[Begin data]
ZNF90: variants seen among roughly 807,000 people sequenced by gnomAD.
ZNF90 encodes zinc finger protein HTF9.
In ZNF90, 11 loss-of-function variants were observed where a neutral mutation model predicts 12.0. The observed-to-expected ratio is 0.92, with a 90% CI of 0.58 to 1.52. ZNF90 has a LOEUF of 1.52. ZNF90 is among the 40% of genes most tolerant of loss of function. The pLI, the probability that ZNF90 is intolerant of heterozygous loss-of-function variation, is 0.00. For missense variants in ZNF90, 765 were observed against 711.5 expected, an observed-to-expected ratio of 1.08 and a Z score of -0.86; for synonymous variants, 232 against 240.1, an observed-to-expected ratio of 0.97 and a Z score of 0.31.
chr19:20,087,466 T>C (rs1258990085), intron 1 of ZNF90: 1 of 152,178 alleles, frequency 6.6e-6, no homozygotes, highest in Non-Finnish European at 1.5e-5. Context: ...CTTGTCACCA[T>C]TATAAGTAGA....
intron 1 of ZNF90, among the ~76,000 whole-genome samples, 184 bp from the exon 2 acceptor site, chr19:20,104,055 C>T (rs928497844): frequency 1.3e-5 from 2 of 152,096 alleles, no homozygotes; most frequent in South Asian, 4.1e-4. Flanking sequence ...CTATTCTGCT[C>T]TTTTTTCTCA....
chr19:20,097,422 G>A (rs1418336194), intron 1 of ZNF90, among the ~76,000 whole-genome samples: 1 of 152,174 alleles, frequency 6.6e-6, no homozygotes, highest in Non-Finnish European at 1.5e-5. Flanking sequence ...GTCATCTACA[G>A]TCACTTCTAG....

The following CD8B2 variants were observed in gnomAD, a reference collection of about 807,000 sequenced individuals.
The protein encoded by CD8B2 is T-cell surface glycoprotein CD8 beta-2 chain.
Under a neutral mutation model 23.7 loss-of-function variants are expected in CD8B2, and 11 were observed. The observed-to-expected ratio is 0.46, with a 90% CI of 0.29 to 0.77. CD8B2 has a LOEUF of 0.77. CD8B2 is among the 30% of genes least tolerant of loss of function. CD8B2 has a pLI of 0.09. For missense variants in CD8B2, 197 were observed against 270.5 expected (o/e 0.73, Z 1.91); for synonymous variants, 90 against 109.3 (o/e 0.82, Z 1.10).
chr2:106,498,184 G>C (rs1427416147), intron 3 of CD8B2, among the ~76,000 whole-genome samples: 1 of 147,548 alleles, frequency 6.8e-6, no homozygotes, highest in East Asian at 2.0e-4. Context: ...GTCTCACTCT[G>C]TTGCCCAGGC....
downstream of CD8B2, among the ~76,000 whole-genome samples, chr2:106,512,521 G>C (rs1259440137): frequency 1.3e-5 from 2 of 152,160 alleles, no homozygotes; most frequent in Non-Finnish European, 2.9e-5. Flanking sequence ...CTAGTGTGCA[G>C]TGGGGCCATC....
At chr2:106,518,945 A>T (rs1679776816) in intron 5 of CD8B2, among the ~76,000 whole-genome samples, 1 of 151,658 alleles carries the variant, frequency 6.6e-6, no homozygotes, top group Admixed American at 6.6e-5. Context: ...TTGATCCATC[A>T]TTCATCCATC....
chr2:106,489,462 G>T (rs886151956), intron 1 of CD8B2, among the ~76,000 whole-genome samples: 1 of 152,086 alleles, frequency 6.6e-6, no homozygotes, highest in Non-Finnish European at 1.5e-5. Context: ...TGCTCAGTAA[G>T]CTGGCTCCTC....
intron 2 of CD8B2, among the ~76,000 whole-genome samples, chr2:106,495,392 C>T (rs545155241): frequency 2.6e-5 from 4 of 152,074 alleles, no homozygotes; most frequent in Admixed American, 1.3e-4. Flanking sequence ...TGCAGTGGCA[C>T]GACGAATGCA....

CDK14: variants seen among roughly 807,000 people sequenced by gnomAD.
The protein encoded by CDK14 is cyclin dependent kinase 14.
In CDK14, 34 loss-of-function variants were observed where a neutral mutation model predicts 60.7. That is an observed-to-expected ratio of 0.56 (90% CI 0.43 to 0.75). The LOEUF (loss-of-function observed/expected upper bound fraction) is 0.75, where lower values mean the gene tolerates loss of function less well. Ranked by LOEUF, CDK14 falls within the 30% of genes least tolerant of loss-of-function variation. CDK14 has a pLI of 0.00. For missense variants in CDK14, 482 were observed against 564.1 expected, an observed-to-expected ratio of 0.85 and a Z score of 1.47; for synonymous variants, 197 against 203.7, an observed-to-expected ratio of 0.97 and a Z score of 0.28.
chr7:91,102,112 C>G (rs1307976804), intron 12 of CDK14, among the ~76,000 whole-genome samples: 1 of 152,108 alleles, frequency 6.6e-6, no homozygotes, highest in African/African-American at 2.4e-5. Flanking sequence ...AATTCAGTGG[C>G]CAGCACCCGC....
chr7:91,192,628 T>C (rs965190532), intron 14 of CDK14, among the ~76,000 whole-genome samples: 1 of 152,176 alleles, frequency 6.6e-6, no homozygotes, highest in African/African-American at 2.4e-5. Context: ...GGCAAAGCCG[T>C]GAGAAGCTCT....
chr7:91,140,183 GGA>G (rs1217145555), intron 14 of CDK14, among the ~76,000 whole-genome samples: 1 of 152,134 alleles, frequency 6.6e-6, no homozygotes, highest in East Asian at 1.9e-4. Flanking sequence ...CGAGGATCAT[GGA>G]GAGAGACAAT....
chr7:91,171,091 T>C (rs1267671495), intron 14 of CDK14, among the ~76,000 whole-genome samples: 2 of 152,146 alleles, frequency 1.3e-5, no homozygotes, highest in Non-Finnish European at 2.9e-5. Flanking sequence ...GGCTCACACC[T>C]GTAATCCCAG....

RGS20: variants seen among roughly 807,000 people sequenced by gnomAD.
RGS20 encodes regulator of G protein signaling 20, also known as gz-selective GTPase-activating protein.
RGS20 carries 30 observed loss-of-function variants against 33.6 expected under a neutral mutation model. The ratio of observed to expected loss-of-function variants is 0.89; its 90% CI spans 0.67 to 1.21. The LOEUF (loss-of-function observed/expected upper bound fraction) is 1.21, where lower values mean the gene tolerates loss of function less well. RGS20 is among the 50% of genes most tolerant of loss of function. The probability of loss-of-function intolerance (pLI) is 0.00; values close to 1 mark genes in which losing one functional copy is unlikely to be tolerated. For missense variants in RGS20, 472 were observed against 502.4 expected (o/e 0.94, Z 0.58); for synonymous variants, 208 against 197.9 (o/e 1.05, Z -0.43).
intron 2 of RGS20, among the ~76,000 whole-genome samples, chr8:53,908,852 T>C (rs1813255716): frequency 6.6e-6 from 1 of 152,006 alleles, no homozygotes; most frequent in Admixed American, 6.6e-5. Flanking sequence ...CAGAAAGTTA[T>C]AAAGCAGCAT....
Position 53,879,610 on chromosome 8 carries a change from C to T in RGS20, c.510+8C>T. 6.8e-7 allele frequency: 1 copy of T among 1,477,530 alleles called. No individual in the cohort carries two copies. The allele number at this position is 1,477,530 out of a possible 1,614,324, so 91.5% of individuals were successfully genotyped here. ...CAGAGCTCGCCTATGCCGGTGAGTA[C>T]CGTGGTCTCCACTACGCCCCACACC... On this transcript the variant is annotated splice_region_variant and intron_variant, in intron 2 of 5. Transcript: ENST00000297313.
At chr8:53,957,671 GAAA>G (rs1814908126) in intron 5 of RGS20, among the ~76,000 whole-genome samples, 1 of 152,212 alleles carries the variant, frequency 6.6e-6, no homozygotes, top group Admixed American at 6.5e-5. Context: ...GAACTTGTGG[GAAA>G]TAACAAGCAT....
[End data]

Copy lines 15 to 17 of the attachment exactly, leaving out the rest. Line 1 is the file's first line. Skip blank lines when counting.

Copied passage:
CDK14: variants seen among roughly 807,000 people sequenced by gnomAD.
The protein encoded by CDK14 is cyclin dependent kinase 14.
In CDK14, 34 loss-of-function variants were observed where a neutral mutation model predicts 60.7. That is an observed-to-expected ratio of 0.56 (90% CI 0.43 to 0.75). The LOEUF (loss-of-function observed/expected upper bound fraction) is 0.75, where lower values mean the gene tolerates loss of function less well. Ranked by LOEUF, CDK14 falls within the 30% of genes least tolerant of loss-of-function variation. CDK14 has a pLI of 0.00. For missense variants in CDK14, 482 were observed against 564.1 expected, an observed-to-expected ratio of 0.85 and a Z score of 1.47; for synonymous variants, 197 against 203.7, an observed-to-expected ratio of 0.97 and a Z score of 0.28.